A recording to the dialect in archived form is available from the Max-Kade Institute for German-American Studies.[33]

Notable people[edit]

See also[edit]


  1. ^ "2019 U.S. Gazetteer Files". United States Census Bureau. Retrieved August 7, 2020.
  2. ^ a b "U.S. Census website". United States Census Bureau. Retrieved 2012-11-18.
  3. ^ a b "Population and Housing Unit Estimates". United States Census Bureau. May 24, 2020. Retrieved May 27, 2020.
  4. ^ a b "U.S. Census website". United States Census Bureau. Retrieved 2008-01-31.
  5. ^ "US Board on Geographic Names". United States Geological Survey. 2007-10-25. Retrieved 2008-01-31.
  6. ^ "Dictionary of Wisconsin History. Term: New Glarus (origin of place name)". Wisconsin Historical Society. Archived from the original on June 11, 2011. Retrieved November 3, 2015.
  7. ^ a b J. Jacob Tschudy. "Additional Notes on New Glarus," Wisconsin Historical Collections, Vol. VIII (1879).
  8. ^ J. D. Butler. Milwaukee Sentinel, August 17, 1895.
  9. ^ : Wisconsin State Journal, August 6, 1883.
  10. ^ J. Q. Emery. in The Wisconsin Magazine of History, vol. ?, no. 1 (September 1926).
  11. ^ Chester P. Holway, "New Glarus Paid Debt to Old Glarus", The Milwaukee Journal, December 18, 1953.
  12. ^ Steven Lee Myers, "A Nation Challenged: At U.S. Base; At Afghan Base, Marines Dig Foxholes and Spoil for a Fight", New York Times, December 2, 2001.
  13. ^ Emery A. Odell, "Swiss Cheese in Green County," (1936)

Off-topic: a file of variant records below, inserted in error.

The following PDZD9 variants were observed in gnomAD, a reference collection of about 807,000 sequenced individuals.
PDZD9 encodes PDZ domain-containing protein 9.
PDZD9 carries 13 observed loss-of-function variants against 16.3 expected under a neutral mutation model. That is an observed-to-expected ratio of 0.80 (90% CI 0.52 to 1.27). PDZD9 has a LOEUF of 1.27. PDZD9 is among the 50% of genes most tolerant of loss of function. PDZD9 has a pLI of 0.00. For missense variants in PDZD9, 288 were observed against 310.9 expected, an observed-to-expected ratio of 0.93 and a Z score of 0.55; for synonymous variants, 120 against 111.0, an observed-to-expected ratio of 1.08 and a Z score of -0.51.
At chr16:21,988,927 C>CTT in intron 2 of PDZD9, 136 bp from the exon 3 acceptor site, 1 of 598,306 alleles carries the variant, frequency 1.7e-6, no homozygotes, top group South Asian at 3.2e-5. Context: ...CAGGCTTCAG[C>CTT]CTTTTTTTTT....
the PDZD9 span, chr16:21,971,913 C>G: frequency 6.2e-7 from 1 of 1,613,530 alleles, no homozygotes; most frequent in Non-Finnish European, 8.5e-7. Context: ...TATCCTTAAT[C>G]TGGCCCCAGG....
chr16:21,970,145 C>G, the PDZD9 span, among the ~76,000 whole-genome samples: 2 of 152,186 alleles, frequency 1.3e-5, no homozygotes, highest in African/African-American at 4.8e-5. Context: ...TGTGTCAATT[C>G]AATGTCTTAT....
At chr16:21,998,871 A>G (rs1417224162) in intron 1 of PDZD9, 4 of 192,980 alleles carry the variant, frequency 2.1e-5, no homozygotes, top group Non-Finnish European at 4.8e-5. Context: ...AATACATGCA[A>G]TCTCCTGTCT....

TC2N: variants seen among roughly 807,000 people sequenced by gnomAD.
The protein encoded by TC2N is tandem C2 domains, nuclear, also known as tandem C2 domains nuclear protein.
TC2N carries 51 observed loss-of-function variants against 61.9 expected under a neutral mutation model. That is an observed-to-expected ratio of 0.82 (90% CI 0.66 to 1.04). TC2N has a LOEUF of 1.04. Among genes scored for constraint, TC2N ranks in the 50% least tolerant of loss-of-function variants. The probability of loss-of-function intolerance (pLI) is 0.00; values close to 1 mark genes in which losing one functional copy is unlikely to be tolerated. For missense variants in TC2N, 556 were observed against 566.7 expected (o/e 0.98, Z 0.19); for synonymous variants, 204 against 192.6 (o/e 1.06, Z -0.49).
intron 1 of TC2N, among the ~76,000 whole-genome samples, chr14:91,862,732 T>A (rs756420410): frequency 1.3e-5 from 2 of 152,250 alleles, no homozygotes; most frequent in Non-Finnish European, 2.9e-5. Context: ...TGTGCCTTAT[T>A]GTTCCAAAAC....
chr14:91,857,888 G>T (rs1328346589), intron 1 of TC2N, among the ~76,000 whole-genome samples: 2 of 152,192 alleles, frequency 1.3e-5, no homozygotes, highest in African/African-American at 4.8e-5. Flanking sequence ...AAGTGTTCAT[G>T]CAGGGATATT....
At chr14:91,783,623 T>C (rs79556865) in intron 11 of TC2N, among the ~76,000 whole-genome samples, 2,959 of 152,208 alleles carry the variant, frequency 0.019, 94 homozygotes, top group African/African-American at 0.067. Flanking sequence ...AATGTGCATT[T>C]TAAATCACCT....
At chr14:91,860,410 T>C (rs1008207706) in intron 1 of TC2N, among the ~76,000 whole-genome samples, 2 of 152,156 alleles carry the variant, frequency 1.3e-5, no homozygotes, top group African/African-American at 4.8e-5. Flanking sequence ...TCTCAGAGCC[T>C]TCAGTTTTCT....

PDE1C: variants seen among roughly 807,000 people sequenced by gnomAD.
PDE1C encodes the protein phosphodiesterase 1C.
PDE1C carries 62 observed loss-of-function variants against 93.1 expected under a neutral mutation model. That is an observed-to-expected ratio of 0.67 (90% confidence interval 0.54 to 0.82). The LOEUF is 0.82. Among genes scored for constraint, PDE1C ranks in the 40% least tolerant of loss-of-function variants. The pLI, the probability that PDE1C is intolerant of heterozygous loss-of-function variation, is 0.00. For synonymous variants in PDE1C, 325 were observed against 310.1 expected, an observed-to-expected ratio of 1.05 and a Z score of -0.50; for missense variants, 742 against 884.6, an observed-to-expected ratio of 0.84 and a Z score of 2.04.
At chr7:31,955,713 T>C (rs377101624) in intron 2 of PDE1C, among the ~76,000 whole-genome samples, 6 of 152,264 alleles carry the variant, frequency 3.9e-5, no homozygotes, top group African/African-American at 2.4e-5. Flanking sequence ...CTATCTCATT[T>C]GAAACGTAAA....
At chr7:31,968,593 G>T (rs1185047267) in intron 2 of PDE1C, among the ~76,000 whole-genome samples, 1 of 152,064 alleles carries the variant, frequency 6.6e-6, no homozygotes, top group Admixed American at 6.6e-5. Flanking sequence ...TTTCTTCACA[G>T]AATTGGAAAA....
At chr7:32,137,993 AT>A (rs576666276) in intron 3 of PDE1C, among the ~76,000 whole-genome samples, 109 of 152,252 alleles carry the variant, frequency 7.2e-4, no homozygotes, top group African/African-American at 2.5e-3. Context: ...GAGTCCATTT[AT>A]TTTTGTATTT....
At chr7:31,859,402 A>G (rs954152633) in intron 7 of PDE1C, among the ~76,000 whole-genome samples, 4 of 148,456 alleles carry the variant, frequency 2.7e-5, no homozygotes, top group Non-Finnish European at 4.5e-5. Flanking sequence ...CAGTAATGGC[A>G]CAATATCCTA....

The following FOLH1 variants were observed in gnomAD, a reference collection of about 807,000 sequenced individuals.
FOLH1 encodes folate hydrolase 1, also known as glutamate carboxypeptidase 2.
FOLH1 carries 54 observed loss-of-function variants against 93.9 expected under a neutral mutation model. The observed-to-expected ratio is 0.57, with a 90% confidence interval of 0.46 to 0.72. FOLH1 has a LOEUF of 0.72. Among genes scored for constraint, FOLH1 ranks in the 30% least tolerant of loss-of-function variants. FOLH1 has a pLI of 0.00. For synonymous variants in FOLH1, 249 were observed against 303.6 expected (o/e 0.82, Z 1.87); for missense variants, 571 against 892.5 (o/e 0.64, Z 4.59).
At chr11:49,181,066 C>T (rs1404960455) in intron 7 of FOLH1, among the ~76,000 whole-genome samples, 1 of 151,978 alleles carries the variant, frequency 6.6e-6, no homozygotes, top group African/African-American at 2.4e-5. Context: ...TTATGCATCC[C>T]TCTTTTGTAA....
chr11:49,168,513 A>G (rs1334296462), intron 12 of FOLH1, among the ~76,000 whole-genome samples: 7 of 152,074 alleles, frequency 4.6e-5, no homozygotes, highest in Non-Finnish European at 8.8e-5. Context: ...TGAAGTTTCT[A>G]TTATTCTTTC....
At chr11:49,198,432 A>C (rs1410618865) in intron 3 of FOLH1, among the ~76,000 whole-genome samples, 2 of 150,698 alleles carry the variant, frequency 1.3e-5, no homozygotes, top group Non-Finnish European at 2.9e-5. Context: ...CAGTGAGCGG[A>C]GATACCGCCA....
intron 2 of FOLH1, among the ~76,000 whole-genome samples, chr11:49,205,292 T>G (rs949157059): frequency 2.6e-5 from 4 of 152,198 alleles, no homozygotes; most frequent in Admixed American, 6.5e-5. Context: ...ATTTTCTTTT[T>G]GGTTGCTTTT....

14. ^ John Luchsinger, What America Has Meant to Me, NGHS Archives, 1899.
  15. ^ National Historic Cheese Making Center – Monroe, Wisconsin
  16. ^ Schramke, Anna, "Green County Developments," Green County Development Corporation (2008–09)
  17. ^ Leo Schelbert, "Swiss Americans," Gale Encyclopedia of Multicultural America, 2000.
  18. ^ Hoelscher, Steven (1998). "There was a confusion of the foreign and the American": Swiss public memory before the Great War (PDF).
  19. ^ "Trials: The Case of Scientist X". Time. March 16, 1953. Archived from the original on December 22, 2008.
  20. ^ "Dr. Weinberg Gets Subpena". The Milwaukee Journal. September 19, 1948 – via Google News.
  21. ^ "Kennedy Stumps Rural Wisconsin," The New York Times (April 2, 1960)
  22. ^ Wisconsin v. Yoder, 406 U.S. 205
  23. ^ "Religion: The Right to Be Different". Time. May 29, 1972. Archived from the original on June 25, 2009.
  24. ^ "New Glarus' Deb Carey rubs shoulders with Obamas, Apple CEO at State of the Union address," Milwaukee Business Journal (February 15, 2013)
  25. ^ "New Glarus Crowned Champion in Division 4". March 16, 2019.
  26. ^ "US Gazetteer files 2010". United States Census Bureau. Archived from the original on January 12, 2012. Retrieved November 3, 2015.
  27. ^ "Census of Population and Housing". Retrieved June 4, 2015.
  28. ^ State of Wisconsin Department of Workforce Development – Madison, Wisconsin
  29. ^ according to the Brewers Association in Boulder, CO.
  30. ^ "'Indulge' is the theme at the New Glarus Beer, Bacon & Cheese Fest". Retrieved 2015-05-28.
  31. ^ Rösti: From farmers’ breakfast to national dish, Switzerland Tourism Center, 2010.
  32. ^ Barry Adams in "Zuber's landjaegers are another tasty meat product for state residents", Wisconsin State Journal, July 10, 2011.
  33. ^ "Female speaker interviewed by Brian Lewis, July 1968, New Glarus, Green Co". German-American and American English Dialects. Retrieved 2019-02-06.

External links[edit]